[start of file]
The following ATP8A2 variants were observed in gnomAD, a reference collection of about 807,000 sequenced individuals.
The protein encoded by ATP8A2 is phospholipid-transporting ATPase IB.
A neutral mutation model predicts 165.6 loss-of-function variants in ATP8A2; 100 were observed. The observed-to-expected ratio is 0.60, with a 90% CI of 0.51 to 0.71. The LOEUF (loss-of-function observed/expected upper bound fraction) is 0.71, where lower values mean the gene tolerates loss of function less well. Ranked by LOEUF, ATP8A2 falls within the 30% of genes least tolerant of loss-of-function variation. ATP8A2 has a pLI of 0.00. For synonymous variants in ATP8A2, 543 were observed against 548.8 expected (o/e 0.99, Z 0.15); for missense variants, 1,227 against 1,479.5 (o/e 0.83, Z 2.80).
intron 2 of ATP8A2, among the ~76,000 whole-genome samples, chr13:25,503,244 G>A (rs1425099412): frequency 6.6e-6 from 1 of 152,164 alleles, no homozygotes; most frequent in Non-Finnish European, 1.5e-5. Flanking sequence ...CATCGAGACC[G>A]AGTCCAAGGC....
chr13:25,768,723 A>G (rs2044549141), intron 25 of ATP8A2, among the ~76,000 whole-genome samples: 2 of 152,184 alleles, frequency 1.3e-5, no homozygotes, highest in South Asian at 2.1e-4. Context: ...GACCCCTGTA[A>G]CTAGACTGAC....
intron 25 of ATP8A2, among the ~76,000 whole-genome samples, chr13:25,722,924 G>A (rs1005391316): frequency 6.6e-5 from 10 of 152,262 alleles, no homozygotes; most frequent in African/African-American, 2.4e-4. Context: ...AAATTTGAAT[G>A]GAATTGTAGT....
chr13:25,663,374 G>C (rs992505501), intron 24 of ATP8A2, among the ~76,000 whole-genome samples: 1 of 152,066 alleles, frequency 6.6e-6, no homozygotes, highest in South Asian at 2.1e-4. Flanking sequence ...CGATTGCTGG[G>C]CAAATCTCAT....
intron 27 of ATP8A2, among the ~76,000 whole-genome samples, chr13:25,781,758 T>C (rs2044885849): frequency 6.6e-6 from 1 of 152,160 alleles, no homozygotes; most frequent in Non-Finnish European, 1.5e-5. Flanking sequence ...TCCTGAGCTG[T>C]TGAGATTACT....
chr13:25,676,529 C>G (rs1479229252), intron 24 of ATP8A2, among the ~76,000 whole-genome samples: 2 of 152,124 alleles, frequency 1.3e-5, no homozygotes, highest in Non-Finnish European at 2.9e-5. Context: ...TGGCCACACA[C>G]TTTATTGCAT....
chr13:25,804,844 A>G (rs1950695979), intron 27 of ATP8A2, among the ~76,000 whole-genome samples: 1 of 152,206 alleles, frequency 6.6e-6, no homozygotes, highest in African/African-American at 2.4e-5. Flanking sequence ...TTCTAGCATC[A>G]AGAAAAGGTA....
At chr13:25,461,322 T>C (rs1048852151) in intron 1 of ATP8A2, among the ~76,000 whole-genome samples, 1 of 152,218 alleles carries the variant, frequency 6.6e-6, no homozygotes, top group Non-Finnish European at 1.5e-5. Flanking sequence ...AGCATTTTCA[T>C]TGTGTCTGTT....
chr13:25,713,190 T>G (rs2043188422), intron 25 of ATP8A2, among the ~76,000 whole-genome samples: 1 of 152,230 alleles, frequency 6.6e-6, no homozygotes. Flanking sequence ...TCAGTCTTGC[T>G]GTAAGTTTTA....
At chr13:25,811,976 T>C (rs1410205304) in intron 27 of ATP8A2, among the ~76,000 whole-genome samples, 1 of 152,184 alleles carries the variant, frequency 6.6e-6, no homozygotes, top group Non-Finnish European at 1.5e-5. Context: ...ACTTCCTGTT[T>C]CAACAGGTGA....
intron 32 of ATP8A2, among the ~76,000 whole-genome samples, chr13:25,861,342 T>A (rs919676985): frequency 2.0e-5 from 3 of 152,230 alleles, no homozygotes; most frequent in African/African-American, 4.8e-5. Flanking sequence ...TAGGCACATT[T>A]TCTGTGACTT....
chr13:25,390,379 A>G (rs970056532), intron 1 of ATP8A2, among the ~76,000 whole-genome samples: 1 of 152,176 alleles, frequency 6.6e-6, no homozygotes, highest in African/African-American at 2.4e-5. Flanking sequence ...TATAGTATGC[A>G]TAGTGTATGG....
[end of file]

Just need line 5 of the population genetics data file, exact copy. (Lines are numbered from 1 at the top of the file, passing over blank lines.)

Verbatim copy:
chr13:25,768,723 A>G (rs2044549141), intron 25 of ATP8A2, among the ~76,000 whole-genome samples: 2 of 152,184 alleles, frequency 1.3e-5, no homozygotes, highest in South Asian at 2.1e-4. Context: ...GACCCCTGTA[A>G]CTAGACTGAC....